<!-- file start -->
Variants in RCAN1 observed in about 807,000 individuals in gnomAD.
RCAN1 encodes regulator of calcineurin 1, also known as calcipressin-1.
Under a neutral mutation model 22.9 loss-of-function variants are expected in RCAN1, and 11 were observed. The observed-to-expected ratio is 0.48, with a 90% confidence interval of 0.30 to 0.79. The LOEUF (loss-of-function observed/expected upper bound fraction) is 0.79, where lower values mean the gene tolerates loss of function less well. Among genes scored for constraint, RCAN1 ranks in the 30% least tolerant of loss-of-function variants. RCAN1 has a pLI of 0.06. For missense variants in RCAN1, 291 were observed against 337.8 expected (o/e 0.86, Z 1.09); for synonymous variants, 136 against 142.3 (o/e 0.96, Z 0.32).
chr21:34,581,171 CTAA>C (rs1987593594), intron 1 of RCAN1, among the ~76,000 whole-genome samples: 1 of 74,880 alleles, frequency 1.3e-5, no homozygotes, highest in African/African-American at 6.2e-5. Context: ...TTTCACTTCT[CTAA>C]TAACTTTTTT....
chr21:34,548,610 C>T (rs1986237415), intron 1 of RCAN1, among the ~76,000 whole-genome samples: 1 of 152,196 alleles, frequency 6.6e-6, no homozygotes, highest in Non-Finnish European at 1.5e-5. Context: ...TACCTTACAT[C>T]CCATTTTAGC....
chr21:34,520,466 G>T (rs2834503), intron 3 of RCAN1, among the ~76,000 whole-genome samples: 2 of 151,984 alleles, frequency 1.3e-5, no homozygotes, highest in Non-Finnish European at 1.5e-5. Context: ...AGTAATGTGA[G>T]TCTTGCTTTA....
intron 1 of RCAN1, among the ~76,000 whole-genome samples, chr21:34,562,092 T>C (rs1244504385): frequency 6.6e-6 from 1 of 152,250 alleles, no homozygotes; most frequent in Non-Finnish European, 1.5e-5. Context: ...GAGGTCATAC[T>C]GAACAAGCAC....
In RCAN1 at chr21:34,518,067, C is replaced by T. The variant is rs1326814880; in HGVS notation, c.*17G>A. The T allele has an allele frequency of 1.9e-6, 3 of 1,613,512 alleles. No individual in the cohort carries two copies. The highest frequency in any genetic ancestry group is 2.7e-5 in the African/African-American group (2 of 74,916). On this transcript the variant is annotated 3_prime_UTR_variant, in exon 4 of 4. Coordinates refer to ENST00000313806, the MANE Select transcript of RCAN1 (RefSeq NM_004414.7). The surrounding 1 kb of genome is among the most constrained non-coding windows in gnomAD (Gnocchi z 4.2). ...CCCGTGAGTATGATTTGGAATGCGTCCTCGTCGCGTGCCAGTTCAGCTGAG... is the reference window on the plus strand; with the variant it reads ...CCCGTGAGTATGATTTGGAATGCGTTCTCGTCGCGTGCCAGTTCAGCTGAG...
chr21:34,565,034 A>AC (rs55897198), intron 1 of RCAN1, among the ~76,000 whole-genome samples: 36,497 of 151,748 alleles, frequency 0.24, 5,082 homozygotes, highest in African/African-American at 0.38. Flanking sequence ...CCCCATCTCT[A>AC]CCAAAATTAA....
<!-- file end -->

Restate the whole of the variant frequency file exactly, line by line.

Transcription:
Variants in RCAN1 observed in about 807,000 individuals in gnomAD.
RCAN1 encodes regulator of calcineurin 1, also known as calcipressin-1.
Under a neutral mutation model 22.9 loss-of-function variants are expected in RCAN1, and 11 were observed. The observed-to-expected ratio is 0.48, with a 90% confidence interval of 0.30 to 0.79. The LOEUF (loss-of-function observed/expected upper bound fraction) is 0.79, where lower values mean the gene tolerates loss of function less well. Among genes scored for constraint, RCAN1 ranks in the 30% least tolerant of loss-of-function variants. RCAN1 has a pLI of 0.06. For missense variants in RCAN1, 291 were observed against 337.8 expected (o/e 0.86, Z 1.09); for synonymous variants, 136 against 142.3 (o/e 0.96, Z 0.32).
chr21:34,581,171 CTAA>C (rs1987593594), intron 1 of RCAN1, among the ~76,000 whole-genome samples: 1 of 74,880 alleles, frequency 1.3e-5, no homozygotes, highest in African/African-American at 6.2e-5. Context: ...TTTCACTTCT[CTAA>C]TAACTTTTTT....
chr21:34,548,610 C>T (rs1986237415), intron 1 of RCAN1, among the ~76,000 whole-genome samples: 1 of 152,196 alleles, frequency 6.6e-6, no homozygotes, highest in Non-Finnish European at 1.5e-5. Context: ...TACCTTACAT[C>T]CCATTTTAGC....
chr21:34,520,466 G>T (rs2834503), intron 3 of RCAN1, among the ~76,000 whole-genome samples: 2 of 151,984 alleles, frequency 1.3e-5, no homozygotes, highest in Non-Finnish European at 1.5e-5. Context: ...AGTAATGTGA[G>T]TCTTGCTTTA....
intron 1 of RCAN1, among the ~76,000 whole-genome samples, chr21:34,562,092 T>C (rs1244504385): frequency 6.6e-6 from 1 of 152,250 alleles, no homozygotes; most frequent in Non-Finnish European, 1.5e-5. Context: ...GAGGTCATAC[T>C]GAACAAGCAC....
In RCAN1 at chr21:34,518,067, C is replaced by T. The variant is rs1326814880; in HGVS notation, c.*17G>A. The T allele has an allele frequency of 1.9e-6, 3 of 1,613,512 alleles. No individual in the cohort carries two copies. The highest frequency in any genetic ancestry group is 2.7e-5 in the African/African-American group (2 of 74,916). On this transcript the variant is annotated 3_prime_UTR_variant, in exon 4 of 4. Coordinates refer to ENST00000313806, the MANE Select transcript of RCAN1 (RefSeq NM_004414.7). The surrounding 1 kb of genome is among the most constrained non-coding windows in gnomAD (Gnocchi z 4.2). ...CCCGTGAGTATGATTTGGAATGCGTCCTCGTCGCGTGCCAGTTCAGCTGAG... is the reference window on the plus strand; with the variant it reads ...CCCGTGAGTATGATTTGGAATGCGTTCTCGTCGCGTGCCAGTTCAGCTGAG...
chr21:34,565,034 A>AC (rs55897198), intron 1 of RCAN1, among the ~76,000 whole-genome samples: 36,497 of 151,748 alleles, frequency 0.24, 5,082 homozygotes, highest in African/African-American at 0.38. Flanking sequence ...CCCCATCTCT[A>AC]CCAAAATTAA....